In the hullaballoo of London’s Frieze Week, the slick and rather discreet 1-54 contemporary African art fair can slip by unnoticed. Smartly tagging onto the much larger fair without quite stepping out of its shadow, it often ends up being a blink-and-you-could-miss-it event. This was the fair’s eleventh year in the city, and it was the biggest event 1-54 has ever put on, with 60 international galleries (a third of which are from the African continent) showing more than 170 artists across three floors. Nestled on the northern bank of the Thames in central London, its seat at Somerset House was impressive in scale, though certainly not unabsorbable and still decidedly smaller than Frieze a few miles further north.
Immediately greeting you as you walk into the 18th-century courtyard is the annually commissioned centerpiece of the fair—this year, an installation by Moroccan artist Amine El-Gotaibi.
His angular sculptures emit a gentle amber light and wisps of smoke, evoking something both natural and alien. They resemble spaceships and scattered dates or kola nuts, and the mirrors inside reflected visitors taking selfies in fractured shards of glass.
A recommendation from a staff member prompted me to start my route around the fair on the ground floor in Somerset House’s west wing, where there is a superabundance of figurative painting in which the use of African textile and fabric patterns is common. There is very little video or performance on show anywhere at 1-54, and for this reason LOOTY by Chidi Nwaubani (which stands very close to the entrance of the west wing) is particularly striking.
In LOOTY, Nwaubani uses digital scans to recreate historical artifacts like Benin Bronzes or the Rosetta Stone and then repatriates these counterfeited objects to their places of origin. The work is funny and tongue-in-cheek and establishes what becomes an obvious theme throughout the fair: the reckoning or reclaiming of Africa and Europe’s shared art history.
I see it again and again. Amani Bodo’s painting at Primo Marella shows 17th-century white men leaning over a carved wooden African figurine. Roméo Mivekannin for Cecile Fakoury plays in the sandbox of French art history, mixing and splicing Édouard Manet’s Olympia and Marie Guillaume-Benoit’s Portrait d’une Négresse before plastering his face over it. Cubist works abound; originally inspired by traditional African art, the movement is recouped by several contemporary African painters, including Salah Elmur at Vigo and Souad Abdelrassoul at Circle Art Gallery.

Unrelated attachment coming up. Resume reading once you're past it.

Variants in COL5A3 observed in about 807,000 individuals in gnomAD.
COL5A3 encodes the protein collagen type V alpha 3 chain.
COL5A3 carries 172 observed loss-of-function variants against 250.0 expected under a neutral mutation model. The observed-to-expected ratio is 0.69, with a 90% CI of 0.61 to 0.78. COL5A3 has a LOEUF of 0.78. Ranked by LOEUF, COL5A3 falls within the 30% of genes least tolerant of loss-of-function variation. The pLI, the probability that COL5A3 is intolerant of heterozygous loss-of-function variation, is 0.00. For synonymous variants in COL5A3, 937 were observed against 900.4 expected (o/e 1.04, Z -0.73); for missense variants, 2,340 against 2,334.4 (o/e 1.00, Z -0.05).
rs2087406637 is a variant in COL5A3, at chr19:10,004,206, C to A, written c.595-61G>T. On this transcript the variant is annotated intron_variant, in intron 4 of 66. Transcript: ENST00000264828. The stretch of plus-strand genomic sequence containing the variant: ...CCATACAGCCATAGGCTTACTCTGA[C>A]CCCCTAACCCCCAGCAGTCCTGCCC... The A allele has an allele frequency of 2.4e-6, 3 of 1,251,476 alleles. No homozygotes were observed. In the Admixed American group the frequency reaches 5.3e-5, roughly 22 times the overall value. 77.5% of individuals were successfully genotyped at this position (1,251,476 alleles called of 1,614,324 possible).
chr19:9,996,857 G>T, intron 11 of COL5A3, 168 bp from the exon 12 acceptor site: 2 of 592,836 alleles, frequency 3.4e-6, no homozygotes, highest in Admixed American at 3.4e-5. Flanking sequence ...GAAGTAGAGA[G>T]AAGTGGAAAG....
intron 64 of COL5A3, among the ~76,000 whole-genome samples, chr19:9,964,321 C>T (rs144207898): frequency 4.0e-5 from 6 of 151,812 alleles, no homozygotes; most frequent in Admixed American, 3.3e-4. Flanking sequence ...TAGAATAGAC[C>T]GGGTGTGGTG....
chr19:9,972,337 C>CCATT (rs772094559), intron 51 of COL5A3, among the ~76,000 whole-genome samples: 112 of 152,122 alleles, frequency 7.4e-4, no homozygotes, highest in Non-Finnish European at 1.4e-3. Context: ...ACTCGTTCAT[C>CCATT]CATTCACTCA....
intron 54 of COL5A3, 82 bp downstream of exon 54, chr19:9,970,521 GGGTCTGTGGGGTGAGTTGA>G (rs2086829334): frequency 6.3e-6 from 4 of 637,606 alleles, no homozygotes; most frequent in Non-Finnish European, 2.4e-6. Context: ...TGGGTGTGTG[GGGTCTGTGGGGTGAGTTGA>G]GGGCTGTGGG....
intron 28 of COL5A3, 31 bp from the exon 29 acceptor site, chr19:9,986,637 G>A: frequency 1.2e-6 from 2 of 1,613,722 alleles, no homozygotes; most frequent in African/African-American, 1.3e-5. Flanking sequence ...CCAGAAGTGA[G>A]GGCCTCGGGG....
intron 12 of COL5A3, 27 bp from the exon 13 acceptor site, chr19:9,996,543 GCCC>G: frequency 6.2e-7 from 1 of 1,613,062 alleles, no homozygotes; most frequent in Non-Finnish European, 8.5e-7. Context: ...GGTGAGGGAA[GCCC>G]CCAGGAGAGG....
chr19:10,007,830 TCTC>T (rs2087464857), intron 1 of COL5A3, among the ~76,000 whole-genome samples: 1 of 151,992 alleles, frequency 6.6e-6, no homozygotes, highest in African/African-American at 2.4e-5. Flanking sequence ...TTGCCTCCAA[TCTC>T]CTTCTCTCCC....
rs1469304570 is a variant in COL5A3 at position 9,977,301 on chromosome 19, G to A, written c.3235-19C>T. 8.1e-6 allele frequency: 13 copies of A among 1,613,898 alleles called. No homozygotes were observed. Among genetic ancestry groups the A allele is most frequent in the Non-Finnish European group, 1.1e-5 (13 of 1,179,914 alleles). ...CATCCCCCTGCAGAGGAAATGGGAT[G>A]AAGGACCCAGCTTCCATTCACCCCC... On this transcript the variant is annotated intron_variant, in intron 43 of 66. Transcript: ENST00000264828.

In the galleries on the lower floor, there were more stylish, decorative works and what appeared to be a younger, non-art-world crowd. These were pieces you could easily imagine on your living room wall. Hannah Traouré presented Anya Paintsik, whose unique textile art graced the cover of World of Interiors last December. Ayogu Kingsley at Eclectic Contemporary presented paintings by African legends such as Fela Kuti and Chinua Achebe. At the back end of the space, Afrobeats musician Mr Eazi offered visitors an auditory-visual experience in which songs from his album were accompanied by equally loud and fun paintings.
1-54 London was certainly a success in and of itself—the show drew scores of young collectors. I also couldn’t help thinking about its impact on the individual connoisseur. This edition introduced me to several galleries and artists I had never heard of, and the fair will hopefully continue to provide a platform for rising stars sometimes overlooked… talents such as April Kamunde, who cut through the noise and stopped me dead in my tracks with her luscious, light-soaked figuration.